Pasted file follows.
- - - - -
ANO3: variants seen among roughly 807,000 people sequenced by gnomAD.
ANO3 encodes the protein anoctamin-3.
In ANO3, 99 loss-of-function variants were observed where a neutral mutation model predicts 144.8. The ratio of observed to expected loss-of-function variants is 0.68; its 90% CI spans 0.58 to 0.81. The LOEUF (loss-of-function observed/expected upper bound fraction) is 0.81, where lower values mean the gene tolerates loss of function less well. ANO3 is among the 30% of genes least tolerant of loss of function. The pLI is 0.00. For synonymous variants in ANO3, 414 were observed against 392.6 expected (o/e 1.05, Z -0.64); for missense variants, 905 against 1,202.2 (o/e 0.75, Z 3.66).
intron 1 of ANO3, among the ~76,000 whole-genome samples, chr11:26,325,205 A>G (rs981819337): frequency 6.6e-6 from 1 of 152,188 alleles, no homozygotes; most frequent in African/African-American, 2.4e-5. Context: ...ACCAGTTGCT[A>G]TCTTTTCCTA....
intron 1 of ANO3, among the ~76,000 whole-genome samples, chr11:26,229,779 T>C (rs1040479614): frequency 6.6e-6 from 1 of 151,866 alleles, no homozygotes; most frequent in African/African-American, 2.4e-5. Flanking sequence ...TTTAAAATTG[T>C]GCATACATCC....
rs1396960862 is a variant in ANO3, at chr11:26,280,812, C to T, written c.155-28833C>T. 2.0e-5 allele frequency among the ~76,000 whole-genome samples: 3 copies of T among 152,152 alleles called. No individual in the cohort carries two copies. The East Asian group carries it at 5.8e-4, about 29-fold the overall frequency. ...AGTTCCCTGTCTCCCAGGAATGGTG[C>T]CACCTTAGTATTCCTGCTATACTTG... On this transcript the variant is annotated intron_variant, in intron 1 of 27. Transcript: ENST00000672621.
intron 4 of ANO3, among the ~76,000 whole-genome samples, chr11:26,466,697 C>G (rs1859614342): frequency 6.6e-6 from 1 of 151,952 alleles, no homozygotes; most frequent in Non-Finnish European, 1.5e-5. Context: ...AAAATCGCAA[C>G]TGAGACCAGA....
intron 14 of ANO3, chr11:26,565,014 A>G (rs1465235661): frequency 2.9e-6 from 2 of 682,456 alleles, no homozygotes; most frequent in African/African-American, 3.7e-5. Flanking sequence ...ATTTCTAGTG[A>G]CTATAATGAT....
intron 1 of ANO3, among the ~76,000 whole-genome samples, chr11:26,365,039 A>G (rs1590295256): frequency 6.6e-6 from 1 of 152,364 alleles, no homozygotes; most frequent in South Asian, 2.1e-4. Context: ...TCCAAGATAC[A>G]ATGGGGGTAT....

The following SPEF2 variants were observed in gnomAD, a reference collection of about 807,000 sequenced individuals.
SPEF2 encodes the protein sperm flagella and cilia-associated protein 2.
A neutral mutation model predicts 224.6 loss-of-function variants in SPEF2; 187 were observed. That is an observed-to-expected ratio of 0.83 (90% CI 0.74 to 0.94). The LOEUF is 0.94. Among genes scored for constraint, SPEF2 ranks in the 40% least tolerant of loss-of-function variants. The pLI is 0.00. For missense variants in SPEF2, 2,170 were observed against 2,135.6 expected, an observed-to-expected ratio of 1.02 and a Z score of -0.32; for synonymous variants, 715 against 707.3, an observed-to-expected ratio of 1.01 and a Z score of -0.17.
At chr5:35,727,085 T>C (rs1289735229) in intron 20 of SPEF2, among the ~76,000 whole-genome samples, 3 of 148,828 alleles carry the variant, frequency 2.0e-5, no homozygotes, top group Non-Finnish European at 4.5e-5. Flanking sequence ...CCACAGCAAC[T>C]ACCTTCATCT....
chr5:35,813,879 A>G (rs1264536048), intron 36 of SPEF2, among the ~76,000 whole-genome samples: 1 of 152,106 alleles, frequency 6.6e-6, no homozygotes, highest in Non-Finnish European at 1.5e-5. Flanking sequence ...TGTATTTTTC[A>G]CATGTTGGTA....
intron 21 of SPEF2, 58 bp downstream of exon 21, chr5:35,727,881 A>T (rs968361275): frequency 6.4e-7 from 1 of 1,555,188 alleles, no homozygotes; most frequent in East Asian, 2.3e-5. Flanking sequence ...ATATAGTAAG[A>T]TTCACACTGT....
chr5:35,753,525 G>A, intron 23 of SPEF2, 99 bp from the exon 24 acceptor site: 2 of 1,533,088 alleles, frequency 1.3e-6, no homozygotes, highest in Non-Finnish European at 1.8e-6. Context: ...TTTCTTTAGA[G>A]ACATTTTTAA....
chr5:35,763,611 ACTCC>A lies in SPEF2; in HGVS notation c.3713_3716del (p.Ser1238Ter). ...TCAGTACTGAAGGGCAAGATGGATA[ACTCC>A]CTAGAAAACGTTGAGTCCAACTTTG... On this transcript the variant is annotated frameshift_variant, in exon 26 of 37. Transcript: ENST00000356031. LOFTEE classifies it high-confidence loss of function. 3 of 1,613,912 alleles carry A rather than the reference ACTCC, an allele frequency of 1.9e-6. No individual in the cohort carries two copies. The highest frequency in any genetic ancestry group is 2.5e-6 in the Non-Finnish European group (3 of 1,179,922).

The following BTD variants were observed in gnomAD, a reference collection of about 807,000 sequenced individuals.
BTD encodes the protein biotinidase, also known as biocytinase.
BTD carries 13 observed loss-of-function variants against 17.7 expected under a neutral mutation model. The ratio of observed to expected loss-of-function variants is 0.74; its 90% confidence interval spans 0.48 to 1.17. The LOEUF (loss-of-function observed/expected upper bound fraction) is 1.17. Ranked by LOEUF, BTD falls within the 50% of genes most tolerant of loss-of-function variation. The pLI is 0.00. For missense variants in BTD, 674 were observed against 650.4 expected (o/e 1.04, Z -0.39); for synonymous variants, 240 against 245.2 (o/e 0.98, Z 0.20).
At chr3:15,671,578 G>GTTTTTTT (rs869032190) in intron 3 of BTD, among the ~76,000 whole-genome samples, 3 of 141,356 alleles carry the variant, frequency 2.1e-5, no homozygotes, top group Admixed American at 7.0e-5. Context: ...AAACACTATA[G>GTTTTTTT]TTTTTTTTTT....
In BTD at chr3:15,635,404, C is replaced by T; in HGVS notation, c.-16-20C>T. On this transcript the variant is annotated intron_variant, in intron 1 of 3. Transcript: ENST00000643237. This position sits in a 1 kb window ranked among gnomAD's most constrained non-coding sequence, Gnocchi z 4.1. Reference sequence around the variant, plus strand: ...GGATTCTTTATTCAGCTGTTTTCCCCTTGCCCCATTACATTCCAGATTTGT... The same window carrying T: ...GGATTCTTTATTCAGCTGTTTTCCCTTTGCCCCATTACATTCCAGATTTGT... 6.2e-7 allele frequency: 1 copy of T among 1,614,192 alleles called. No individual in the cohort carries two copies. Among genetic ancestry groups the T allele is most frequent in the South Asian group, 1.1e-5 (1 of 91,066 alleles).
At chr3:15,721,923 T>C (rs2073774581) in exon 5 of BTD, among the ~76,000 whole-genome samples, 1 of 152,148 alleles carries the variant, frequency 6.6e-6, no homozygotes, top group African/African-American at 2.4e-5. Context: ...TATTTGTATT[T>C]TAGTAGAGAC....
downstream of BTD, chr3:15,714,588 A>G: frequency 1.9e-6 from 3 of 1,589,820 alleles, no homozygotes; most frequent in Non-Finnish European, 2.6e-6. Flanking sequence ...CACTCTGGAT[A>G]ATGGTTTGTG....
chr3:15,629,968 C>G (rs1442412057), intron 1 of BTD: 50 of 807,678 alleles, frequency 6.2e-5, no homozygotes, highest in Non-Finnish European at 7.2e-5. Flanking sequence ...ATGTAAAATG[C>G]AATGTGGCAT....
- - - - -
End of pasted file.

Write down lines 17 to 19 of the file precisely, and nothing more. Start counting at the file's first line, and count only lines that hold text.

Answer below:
chr5:35,763,611 ACTCC>A lies in SPEF2; in HGVS notation c.3713_3716del (p.Ser1238Ter). ...TCAGTACTGAAGGGCAAGATGGATA[ACTCC>A]CTAGAAAACGTTGAGTCCAACTTTG... On this transcript the variant is annotated frameshift_variant, in exon 26 of 37. Transcript: ENST00000356031. LOFTEE classifies it high-confidence loss of function. 3 of 1,613,912 alleles carry A rather than the reference ACTCC, an allele frequency of 1.9e-6. No individual in the cohort carries two copies. The highest frequency in any genetic ancestry group is 2.5e-6 in the Non-Finnish European group (3 of 1,179,922).

The following BTD variants were observed in gnomAD, a reference collection of about 807,000 sequenced individuals.
BTD encodes the protein biotinidase, also known as biocytinase.